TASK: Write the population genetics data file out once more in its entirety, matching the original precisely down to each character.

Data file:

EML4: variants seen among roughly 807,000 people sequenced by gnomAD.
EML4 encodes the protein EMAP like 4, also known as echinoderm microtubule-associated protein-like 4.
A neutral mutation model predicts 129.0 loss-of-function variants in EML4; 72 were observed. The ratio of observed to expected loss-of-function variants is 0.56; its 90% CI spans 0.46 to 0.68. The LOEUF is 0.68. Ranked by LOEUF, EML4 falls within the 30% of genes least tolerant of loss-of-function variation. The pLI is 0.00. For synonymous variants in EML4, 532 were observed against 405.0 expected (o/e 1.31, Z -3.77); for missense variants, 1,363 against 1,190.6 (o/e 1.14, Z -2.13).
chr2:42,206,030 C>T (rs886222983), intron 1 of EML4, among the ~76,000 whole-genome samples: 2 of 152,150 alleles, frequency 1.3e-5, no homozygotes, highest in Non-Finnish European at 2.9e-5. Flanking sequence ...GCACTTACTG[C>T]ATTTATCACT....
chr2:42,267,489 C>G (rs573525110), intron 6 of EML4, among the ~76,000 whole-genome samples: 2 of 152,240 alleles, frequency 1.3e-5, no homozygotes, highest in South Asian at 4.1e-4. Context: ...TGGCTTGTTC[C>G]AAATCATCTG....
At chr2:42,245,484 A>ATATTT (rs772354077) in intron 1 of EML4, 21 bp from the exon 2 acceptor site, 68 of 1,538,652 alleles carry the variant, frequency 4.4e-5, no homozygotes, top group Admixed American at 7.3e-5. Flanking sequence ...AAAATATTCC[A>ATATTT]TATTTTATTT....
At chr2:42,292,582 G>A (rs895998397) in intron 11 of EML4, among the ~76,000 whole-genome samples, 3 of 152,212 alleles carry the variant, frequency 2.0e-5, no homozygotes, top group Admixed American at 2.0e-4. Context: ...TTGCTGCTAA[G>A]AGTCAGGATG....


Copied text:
EML4: variants seen among roughly 807,000 people sequenced by gnomAD.
EML4 encodes the protein EMAP like 4, also known as echinoderm microtubule-associated protein-like 4.
A neutral mutation model predicts 129.0 loss-of-function variants in EML4; 72 were observed. The ratio of observed to expected loss-of-function variants is 0.56; its 90% CI spans 0.46 to 0.68. The LOEUF is 0.68. Ranked by LOEUF, EML4 falls within the 30% of genes least tolerant of loss-of-function variation. The pLI is 0.00. For synonymous variants in EML4, 532 were observed against 405.0 expected (o/e 1.31, Z -3.77); for missense variants, 1,363 against 1,190.6 (o/e 1.14, Z -2.13).
chr2:42,206,030 C>T (rs886222983), intron 1 of EML4, among the ~76,000 whole-genome samples: 2 of 152,150 alleles, frequency 1.3e-5, no homozygotes, highest in Non-Finnish European at 2.9e-5. Flanking sequence ...GCACTTACTG[C>T]ATTTATCACT....
chr2:42,267,489 C>G (rs573525110), intron 6 of EML4, among the ~76,000 whole-genome samples: 2 of 152,240 alleles, frequency 1.3e-5, no homozygotes, highest in South Asian at 4.1e-4. Context: ...TGGCTTGTTC[C>G]AAATCATCTG....
At chr2:42,245,484 A>ATATTT (rs772354077) in intron 1 of EML4, 21 bp from the exon 2 acceptor site, 68 of 1,538,652 alleles carry the variant, frequency 4.4e-5, no homozygotes, top group Admixed American at 7.3e-5. Flanking sequence ...AAAATATTCC[A>ATATTT]TATTTTATTT....
At chr2:42,292,582 G>A (rs895998397) in intron 11 of EML4, among the ~76,000 whole-genome samples, 3 of 152,212 alleles carry the variant, frequency 2.0e-5, no homozygotes, top group Admixed American at 2.0e-4. Context: ...TTGCTGCTAA[G>A]AGTCAGGATG....